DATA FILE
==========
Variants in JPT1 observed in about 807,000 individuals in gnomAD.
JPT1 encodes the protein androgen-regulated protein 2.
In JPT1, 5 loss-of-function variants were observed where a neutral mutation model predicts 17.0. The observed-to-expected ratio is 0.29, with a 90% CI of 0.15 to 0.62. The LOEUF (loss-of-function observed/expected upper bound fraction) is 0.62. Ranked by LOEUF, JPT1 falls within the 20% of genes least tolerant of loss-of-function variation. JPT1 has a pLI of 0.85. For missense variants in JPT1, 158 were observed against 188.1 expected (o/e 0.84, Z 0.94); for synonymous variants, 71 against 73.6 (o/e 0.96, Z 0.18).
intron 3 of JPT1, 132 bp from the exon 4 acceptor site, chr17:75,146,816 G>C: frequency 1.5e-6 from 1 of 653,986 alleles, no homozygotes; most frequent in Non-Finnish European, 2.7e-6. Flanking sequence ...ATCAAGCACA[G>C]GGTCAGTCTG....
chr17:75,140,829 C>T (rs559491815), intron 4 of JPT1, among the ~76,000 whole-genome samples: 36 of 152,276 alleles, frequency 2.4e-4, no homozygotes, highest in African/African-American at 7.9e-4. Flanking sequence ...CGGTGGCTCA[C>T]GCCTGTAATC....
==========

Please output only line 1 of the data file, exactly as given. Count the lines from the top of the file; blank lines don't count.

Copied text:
Variants in JPT1 observed in about 807,000 individuals in gnomAD.